The absence of human YF, however, is not enough to avert virus circulation because humans acquire infection accidentally and are a deadend host, playing an unimportant role in the maintenance of the virus in nature. Continued entomologic and epidemiologic studies must be conducted in different sites where YF outbreaks or cases have been reported to prove that Haemagogus mosquitoes maintain YF virus vertically.
The occurrence of YF cases in other areas at the same time or within a short time period also supports our hypothesis. Since some municipalities are located >1,500 km from Afuá and Breves municipalities (Figure 1), YF virus must be present there; when nonimmune people enter the forest, they become infected. Therefore, appearance of cases is the result of a silent restricted circulation of the virus in an area's forest.
On the other hand, YF cases in South America have thus far only been transmitted by sylvatic vectors, especially Hg. janthinomys (3,11,21). The susceptibility of the Ae. aegypti population in South America to YF virus must be established, in the face of the increased risk of reemergence of urban transmission (22-24). The annual occurrence of several cases in Brazil and hundreds of them in Peru and Bolivia may have permitted contact of YF virus with Ae. aegypti. Surprisingly, urban transmission has not yet been reported, except for six cases in Santa Cruz, Bolivia (25). Thus, it is necessary to establish the level of infectivity and susceptibility of South American Ae. aegypti with YF virus.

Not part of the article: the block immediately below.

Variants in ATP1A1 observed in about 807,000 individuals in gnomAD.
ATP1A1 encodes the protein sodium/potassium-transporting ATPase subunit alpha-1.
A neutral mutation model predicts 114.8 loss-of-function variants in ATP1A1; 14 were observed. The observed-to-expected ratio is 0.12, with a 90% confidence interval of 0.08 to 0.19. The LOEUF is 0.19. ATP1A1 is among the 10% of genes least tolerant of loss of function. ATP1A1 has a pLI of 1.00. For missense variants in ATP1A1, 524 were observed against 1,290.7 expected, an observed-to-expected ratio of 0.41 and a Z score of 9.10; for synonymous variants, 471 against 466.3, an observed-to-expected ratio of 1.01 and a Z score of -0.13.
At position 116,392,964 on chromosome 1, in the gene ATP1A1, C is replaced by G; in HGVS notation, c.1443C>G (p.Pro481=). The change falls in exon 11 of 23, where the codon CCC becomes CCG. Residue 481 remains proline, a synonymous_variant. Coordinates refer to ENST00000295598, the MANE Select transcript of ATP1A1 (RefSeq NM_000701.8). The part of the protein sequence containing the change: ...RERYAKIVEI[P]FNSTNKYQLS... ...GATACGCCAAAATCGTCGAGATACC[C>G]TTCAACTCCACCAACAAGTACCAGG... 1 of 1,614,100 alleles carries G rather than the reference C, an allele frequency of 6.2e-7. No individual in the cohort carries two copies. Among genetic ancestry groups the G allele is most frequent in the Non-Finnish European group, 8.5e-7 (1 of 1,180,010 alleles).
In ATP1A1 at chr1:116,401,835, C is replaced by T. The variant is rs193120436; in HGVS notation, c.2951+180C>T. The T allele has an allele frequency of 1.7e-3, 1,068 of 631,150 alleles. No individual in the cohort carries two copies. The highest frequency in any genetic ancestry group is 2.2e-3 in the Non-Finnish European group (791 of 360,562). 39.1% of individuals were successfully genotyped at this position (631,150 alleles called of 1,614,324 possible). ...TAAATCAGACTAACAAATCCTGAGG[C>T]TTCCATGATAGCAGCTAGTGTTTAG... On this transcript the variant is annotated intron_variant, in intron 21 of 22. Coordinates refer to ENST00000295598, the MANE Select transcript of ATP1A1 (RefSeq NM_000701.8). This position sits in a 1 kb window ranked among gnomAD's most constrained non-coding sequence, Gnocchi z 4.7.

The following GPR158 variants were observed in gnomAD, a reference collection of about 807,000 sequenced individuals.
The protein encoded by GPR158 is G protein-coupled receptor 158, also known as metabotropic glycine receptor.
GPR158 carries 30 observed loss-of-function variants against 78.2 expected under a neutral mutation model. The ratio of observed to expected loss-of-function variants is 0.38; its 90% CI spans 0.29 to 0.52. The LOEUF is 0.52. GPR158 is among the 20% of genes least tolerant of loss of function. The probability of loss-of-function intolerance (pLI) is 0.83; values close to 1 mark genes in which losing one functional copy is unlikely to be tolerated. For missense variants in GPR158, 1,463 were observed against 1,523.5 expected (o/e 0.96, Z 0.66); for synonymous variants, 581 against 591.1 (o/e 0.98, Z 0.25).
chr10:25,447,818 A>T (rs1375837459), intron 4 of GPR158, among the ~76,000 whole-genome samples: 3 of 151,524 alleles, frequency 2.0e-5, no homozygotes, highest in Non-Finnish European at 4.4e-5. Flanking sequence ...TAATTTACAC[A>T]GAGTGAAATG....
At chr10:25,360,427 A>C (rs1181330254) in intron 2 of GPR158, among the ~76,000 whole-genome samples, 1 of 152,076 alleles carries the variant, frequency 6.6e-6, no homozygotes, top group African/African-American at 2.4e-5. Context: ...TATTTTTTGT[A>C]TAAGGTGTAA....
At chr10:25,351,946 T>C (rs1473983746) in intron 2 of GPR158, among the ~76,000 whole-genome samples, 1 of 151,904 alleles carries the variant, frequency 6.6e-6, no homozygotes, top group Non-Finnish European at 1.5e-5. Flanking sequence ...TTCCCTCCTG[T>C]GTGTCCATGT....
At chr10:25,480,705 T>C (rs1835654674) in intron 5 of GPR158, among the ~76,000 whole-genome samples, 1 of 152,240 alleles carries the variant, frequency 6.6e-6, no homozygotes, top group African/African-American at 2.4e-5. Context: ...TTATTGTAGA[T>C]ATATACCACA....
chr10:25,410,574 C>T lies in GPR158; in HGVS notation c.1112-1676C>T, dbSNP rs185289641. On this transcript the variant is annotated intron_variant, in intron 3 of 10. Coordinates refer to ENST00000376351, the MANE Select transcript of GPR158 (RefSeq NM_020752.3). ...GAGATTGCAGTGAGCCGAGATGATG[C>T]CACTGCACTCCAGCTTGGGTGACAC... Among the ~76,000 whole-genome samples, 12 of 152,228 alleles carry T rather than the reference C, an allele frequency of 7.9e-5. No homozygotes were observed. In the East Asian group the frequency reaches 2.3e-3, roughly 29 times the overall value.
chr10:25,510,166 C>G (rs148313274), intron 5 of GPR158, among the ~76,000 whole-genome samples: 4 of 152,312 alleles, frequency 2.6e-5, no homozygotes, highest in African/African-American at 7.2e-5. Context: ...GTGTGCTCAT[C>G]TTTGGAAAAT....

The most important step in the control of YF would be a continent-wide resolution to improve YF vaccination (6,26,27). Protection acquired after 17D vaccine lasts up to 10 years; after that period, the Pan American Health Organization (PAHO) and World Health Organization (WHO) recommend a new dose, although some studies show protection for 17 to 35 years with a single dose (28,29). Another important measure would be creation of a network (probably Internet based) to keep all countries in the continent quickly informed of YF cases or outbreaks, especially in major risk areas.
To date, financing YF vaccine has been a major problem for disease-endemic countries, but studies developed in Africa have suggested that low costs are possible (26). Moreover, Brazil has been producing YF vaccine with the 17D strain on a large scale for a long time. We believe that combined efforts under PAHO/WHO support to supply other countries in the region with vaccine for a massive vaccination campaign would save thousands of lives.
Dr. Vasconcelos works in virology, especially arboviruses, hantaviruses, and emerging and reemerging viruses. He is chief of the arbovirus section of the Instituto Evandro Chagas, FUNASA, Ministry of Health, which is a World Health Organization/Pan American Health Organization Collaborating Center for Arbovirus Reference and Research.
We thank the National Health Foundation (FUNASA) in Pará and Amapá States for logistic support in Afuá and Breves municipalities and NUPE (Pará State Epidemiology Nucleus) of SESPA (Department of Public Health of Pará State).
This work was financed by FUNASA (National Health Foundation) and Instituto Evandro Chagas, Ministry of Health of Brazil.
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Suggested Citation for this article: Vasconcelos PFC, Rosa APAT, Rodrigues SG, Rosa EST, Monteiro HAO, Cruz ACR, et al. Yellow Fever in Pará State, Amazon Region of Brazil, 1998-1999: Entomologic and Epidemiologic Findings. Emerg Infect Dis [serial on the Internet]. 2001, Jun [date cited]. http://dx.doi.org/10.3201/eid0707.017738